Maintaining a good credit rating for your business is always important – but even more so in times when credit becomes tighter and more difficult to obtain on affordable terms. For small business owners seeking financing of almost any kind, a clean credit report goes a long way toward hearing “yes.”
Banks and other lenders are relying more and more on credit scores produced by major credit reporting agencies when making loan decisions. The reason is simple: It lowers their risk.
Having good business credit (in addition to personal credit) can save you money. Lenders and vendors extend better terms to good credit risks and are less likely to demand personal guarantees.
For many business owners, however, and especially startups, credit reports and ratings are alien territory. How do credit reports “happen” anyhow? Does your business even have one? If so, what’s in it and what can you do to assure it’s accurate?
Here’s a short-course in business credit ratings and reports:
What are they? A credit report on your business shows how you manage your financial obligations. Banks, credit card companies, utilities, phone companies and thousands of other business service providers report information on your business to the major credit reporting firms: D&B, Experian, Equifax and TransUnion. The credit reporting firms compile the data into standardized reports and create scores.
Do you have one? If you’re not sure, just check. You can search in the business sections of the credit reporting company websites. Generally, it’s free to simply find out if your business is in the database. But you may have to pay for a copy of a detailed report.
What’s in it? Financial information, such as major suppliers you deal with, outstanding balances, credit lines or business loans, your payment habits and trends (have you’re payments become slow lately, for example). Credit reports may also compare your payment performance with industry standards, and include “public record” information such as liens, judgments or bankruptcies. Basic demographic data will be there, such as years in business, type and size of business.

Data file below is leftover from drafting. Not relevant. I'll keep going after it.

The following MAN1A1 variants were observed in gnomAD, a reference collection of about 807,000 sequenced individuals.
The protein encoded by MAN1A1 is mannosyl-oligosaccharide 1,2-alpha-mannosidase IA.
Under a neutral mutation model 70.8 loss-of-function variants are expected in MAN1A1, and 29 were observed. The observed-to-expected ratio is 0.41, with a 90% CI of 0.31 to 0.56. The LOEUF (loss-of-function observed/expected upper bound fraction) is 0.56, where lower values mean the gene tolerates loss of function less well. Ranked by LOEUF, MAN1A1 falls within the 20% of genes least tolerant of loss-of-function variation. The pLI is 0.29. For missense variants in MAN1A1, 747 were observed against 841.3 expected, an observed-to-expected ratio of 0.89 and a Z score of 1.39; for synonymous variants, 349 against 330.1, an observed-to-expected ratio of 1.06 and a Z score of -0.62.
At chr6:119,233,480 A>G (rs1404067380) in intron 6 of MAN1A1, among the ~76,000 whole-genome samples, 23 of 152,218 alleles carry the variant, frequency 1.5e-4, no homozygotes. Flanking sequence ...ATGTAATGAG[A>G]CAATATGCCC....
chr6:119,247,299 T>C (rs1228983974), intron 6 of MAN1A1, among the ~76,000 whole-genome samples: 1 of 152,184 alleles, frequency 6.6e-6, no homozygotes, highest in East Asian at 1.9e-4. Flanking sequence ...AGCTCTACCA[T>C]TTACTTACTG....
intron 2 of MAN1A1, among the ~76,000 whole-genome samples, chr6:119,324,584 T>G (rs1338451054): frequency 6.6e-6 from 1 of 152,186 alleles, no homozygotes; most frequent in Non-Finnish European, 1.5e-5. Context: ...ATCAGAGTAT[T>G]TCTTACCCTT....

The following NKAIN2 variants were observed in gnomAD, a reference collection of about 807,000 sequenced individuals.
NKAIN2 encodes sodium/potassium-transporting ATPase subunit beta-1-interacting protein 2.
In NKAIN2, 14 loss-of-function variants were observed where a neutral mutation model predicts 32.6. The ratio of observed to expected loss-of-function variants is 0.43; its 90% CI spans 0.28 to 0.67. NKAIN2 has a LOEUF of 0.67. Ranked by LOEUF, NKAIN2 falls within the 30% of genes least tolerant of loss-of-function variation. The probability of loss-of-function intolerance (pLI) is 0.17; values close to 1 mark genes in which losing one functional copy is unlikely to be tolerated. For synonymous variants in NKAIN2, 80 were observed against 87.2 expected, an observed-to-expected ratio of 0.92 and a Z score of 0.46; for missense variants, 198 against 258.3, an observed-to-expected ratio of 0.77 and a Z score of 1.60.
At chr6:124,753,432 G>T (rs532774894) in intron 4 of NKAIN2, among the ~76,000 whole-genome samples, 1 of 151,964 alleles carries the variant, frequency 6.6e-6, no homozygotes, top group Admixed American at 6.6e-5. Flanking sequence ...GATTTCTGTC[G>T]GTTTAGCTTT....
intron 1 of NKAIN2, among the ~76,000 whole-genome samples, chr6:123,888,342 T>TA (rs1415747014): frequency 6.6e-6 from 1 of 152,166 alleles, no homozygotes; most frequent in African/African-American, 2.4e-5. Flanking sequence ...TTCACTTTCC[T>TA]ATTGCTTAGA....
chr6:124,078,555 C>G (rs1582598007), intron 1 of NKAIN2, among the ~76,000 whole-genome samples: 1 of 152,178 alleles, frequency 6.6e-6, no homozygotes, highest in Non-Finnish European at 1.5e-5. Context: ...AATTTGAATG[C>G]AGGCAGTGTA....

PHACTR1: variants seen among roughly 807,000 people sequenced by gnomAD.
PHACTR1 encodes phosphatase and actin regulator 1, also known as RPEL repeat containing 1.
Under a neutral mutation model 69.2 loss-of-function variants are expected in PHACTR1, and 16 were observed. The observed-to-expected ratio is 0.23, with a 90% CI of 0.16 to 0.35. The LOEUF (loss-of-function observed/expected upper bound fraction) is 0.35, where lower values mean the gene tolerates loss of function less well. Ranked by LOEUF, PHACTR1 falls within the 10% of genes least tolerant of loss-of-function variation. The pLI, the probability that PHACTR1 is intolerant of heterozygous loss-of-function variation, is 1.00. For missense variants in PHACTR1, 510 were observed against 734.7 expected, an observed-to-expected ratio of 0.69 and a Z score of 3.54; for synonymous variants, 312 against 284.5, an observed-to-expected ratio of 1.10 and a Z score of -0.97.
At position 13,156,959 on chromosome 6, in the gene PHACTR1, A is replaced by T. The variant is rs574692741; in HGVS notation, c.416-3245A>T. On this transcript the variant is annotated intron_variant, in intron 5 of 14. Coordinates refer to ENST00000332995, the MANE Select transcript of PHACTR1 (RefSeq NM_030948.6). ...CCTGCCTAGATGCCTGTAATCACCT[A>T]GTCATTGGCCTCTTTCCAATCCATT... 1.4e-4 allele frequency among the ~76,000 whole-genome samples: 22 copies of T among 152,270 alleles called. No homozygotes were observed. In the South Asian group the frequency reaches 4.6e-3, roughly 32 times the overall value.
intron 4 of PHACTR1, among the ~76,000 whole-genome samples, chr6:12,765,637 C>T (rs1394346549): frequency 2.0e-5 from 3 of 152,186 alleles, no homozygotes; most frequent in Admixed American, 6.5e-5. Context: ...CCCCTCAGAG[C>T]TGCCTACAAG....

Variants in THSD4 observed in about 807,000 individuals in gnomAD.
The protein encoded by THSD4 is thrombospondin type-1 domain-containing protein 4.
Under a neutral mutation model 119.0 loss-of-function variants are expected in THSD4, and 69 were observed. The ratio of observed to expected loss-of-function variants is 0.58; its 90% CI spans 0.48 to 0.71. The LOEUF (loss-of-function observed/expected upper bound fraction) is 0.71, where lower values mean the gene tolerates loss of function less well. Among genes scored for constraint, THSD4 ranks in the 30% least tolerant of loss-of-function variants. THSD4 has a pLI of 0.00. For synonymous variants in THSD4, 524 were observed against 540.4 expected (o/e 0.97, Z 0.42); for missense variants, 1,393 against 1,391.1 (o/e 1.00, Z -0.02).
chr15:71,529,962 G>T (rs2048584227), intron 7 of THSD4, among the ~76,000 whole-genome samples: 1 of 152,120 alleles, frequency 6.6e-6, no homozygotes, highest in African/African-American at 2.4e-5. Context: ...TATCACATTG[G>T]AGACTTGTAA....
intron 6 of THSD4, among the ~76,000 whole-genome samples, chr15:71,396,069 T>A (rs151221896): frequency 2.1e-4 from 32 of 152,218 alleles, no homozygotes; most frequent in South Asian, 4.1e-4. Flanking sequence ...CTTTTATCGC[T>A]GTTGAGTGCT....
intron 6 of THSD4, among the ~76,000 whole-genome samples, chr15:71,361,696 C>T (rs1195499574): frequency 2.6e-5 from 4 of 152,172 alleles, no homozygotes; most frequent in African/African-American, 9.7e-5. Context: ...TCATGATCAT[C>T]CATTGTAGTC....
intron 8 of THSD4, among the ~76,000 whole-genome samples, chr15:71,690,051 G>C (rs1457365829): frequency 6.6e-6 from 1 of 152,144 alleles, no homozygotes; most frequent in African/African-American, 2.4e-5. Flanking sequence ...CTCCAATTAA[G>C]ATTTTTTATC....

Scoring ABCs: D&B calculates a Paydex score as a key indicator of business payment performance on a 0-100 scale. The higher the score, the better. A business that always pays right on time might score an 80; above that you’d be paying early. So anything above, say, a 70 is considered pretty good in the eyes of potential creditors. Below that, and you’re a slow payer. But to even have a Paydex score, at least four companies must be reporting your pay habits to D&B.
A business credit report may also include a “DBT” score, which stands for “Days Beyond Term.” DBT is a weighted average number of days beyond the due date that a business pays its bills. Experian, for example, calculates DBT at +30 days. Thus, a DBT score of 5 means that the business pays its bills an average of 35 days after invoicing.
Establishing or improving a score: The credit agencies themselves, along with a variety of other services will help you establish a business credit report, including a full credit report with payment references, for a fee. According to Experian, however, one of the best ways to build and protect your business credit is to simply pay your utility bills on time. An easy way to do that is to sign up for automatic bill pay through your bank; no worries about late payments dragging down your credit score.
These resources can help:
- Experian just launched a helpful new website called BusinessCreditFacts.com with questions and answers about establishing and maintaining business credit. There’s also a tool to submit requests to update a business credit report, and ways to sign up for fee-based credit monitoring services.
- D&B has the largest business database of anyone, and most companies seeking to check your business credit profile will go here. You can get listed in the database with a unique DUNS number (an internationally recognized identifier) for free; or sign up for D&B’s CreditBuilder service that will help you build a complete credit profile.
- Your Business Credit specializes in helping small businesses establish or improve their D&B credit ratings.